The developments around Ukraine similarly show that the Eastern Partnership is in deep crisis. The Ukrainian administration announced triumphantly in the wake of the Warsaw summit that president Yanukovych extracted from the EU a handsome Euro 1.9b for the period till 2014 as a backing for various Eastern Partnership projects. It remained unexplained in what way the accomplishment can be credited personally to Yanukovych (the pledge is that the aid volume will rise gradually from the 2007 level of Euro 450m to Euro 784m in 2013, and that the Eastern partners will get an extra Euro 600m till 2013 to strengthen their governance institutions and to tighten border control). Moreover, the figures look bleak against the background of the hefty bribe offered to Mensk, especially considering that the amounts will be split among six recipients.
Even the above, however, are relatively minor details. Yanukovych's visit to the Warsaw summit was linked to an ambitious and noisily advertised agenda centered around embedding into into the association agreement a passage on the future EU membership for Ukraine. Yanukovych's plan obviously did not materialize – Europe listened politely to his rhetoric calls for making the Eastern Partnership a practically meaningful project and for sharing responsibility, but mostly did not bother to react or, on a limited number of occasions, responded elusively.
Judging by what the media gathered, roughly at the time of the Eastern Partnership summit EU leaders informally cast ballots on including into the association agreement a statement on the possibility of admitting Ukraine to the EU, and Kyiv scored just one point. Germany, France, and the Czech Republic spearheaded the opposition to Ukraine's bid.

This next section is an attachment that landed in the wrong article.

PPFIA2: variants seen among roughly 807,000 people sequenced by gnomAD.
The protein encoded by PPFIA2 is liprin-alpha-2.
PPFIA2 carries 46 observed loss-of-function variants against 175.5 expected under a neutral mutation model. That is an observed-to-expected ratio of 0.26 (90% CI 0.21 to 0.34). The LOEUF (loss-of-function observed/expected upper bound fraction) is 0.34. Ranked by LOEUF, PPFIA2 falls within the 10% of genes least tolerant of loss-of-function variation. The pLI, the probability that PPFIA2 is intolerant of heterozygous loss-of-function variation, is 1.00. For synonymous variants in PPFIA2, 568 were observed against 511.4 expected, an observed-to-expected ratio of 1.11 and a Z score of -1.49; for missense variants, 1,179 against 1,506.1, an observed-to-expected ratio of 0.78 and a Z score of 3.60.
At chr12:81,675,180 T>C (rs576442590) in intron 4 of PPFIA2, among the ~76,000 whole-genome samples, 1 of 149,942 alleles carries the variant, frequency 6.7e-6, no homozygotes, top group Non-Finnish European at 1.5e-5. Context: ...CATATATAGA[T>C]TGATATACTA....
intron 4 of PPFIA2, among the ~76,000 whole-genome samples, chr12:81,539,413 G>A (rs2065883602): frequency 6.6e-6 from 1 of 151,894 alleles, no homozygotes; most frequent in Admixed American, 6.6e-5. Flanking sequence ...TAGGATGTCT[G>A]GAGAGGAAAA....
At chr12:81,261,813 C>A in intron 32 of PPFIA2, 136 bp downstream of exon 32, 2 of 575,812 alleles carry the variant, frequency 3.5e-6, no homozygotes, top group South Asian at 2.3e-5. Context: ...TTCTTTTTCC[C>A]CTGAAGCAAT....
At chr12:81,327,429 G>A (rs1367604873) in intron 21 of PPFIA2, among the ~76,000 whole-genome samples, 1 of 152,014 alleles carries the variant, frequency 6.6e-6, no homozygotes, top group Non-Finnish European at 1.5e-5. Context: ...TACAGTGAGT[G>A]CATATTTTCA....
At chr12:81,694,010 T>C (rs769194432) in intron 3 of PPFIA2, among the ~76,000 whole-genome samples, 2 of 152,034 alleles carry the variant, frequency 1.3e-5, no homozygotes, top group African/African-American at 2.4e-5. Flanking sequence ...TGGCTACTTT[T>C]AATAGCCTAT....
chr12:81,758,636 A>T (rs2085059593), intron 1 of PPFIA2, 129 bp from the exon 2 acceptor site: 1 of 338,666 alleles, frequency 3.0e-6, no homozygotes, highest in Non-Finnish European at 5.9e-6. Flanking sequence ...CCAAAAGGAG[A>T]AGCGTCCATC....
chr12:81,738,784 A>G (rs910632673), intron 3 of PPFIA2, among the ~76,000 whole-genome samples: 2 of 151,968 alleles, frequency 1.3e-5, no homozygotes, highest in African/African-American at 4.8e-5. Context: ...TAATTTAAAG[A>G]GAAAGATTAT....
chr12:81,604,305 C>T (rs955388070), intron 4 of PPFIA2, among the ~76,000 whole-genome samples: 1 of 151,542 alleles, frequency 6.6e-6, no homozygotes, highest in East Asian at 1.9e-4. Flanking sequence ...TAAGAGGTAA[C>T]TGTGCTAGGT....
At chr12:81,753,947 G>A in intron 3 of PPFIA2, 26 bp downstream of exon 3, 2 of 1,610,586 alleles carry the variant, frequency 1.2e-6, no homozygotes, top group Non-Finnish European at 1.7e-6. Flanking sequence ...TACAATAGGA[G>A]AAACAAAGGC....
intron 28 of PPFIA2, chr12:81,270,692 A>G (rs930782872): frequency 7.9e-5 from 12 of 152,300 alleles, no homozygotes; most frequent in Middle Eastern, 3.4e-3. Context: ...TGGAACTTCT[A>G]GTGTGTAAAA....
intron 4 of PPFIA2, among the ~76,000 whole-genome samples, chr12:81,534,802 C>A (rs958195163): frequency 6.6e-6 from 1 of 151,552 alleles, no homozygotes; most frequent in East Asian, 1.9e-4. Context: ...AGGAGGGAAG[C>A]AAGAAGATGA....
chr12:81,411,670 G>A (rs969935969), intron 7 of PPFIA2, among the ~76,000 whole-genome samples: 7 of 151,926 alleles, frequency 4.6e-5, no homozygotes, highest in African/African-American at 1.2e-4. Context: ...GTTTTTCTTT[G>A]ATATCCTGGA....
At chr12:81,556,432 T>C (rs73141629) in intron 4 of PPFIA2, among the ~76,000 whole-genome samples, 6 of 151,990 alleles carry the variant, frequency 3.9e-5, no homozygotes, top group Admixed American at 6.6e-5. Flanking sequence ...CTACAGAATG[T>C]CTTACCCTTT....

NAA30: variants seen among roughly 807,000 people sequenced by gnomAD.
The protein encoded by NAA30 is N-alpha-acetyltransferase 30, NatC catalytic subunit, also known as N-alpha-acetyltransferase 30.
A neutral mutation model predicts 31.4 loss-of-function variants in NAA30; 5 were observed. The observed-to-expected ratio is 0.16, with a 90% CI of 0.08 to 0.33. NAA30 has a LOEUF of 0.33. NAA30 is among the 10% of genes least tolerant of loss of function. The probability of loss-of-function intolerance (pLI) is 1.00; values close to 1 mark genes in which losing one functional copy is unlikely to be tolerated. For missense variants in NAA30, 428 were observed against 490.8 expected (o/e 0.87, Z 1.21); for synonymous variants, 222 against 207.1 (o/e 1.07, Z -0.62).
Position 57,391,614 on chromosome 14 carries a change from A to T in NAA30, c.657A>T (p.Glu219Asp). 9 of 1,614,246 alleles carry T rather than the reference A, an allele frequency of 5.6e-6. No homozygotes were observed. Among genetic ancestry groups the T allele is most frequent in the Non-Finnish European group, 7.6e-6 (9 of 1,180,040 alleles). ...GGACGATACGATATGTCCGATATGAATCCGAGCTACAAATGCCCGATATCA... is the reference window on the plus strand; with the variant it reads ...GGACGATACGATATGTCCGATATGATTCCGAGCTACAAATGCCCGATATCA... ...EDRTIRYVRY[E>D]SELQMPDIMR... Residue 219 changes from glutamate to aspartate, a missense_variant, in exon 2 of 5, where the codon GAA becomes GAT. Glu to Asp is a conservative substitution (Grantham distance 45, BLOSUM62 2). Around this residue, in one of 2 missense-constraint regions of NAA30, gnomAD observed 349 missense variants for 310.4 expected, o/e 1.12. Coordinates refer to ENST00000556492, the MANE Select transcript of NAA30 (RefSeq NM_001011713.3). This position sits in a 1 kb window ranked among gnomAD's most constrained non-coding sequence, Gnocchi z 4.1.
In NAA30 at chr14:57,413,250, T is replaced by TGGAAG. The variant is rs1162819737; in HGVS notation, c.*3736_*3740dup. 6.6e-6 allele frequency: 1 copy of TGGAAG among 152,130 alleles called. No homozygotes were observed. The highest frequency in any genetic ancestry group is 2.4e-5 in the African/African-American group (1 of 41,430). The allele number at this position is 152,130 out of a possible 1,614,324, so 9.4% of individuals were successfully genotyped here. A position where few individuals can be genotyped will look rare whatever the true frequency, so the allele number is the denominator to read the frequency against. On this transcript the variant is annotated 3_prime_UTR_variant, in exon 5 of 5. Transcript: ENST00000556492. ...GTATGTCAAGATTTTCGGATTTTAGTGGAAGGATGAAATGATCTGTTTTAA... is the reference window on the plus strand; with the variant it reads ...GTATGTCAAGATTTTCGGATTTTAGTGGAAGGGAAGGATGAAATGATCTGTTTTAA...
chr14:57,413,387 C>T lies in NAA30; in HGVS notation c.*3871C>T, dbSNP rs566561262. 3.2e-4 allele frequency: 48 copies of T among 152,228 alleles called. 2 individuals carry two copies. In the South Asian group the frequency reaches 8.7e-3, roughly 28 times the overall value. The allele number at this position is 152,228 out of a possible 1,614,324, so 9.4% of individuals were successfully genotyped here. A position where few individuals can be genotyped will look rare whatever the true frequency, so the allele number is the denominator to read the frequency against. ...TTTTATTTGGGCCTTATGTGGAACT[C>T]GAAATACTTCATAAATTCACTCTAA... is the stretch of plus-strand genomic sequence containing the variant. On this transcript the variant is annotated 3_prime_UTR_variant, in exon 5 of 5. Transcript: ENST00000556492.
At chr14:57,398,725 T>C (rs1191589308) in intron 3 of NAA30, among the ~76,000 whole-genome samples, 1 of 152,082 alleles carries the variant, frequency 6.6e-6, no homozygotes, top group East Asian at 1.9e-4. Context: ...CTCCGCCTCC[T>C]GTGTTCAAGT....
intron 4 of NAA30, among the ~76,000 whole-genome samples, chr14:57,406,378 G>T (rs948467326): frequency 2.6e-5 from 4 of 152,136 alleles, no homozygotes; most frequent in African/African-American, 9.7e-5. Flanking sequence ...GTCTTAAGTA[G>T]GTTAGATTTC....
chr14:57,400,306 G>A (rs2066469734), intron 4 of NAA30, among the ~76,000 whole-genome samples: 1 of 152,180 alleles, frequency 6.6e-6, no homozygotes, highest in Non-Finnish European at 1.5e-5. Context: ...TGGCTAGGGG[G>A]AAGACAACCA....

While in Warsaw, Yanukovych predictably had to face biting criticism over the Tymoshenko trial which, as he was informed, represented, from the EU standpoint, a litmus test for Ukraine's democracy. The prevalent view – across the EU and in Ukraine – is that Kyiv need not even try to knock on Europe's doors as long as Tymoshenko stays behind bars - as if Ukraine, a country with dysfunctional economy and a culture in every sense distinct from Europe's, could otherwise hope to be invited in the foreseeable future.
In the meantime, Moscow formulated its position with regard to the Eastern Partnership with absolute lucidity: Russia's foreign ministry spokesman A. Lukashevich said the project should not put any obstacles in the way of integration across the post-Soviet space. As he explained, Moscow monitored the Eastern Partnership closely and would carefully analyze the materials produced by the Warsaw summit, since the project is oriented towards Russia's neighbors, including those who share with Russia obligations in the frameworks of CIS, the Collective Security Treaty Organization, the Customs Union, and the common economic space that is currently being created.
The opinion of the author may not coincide with the position of editorial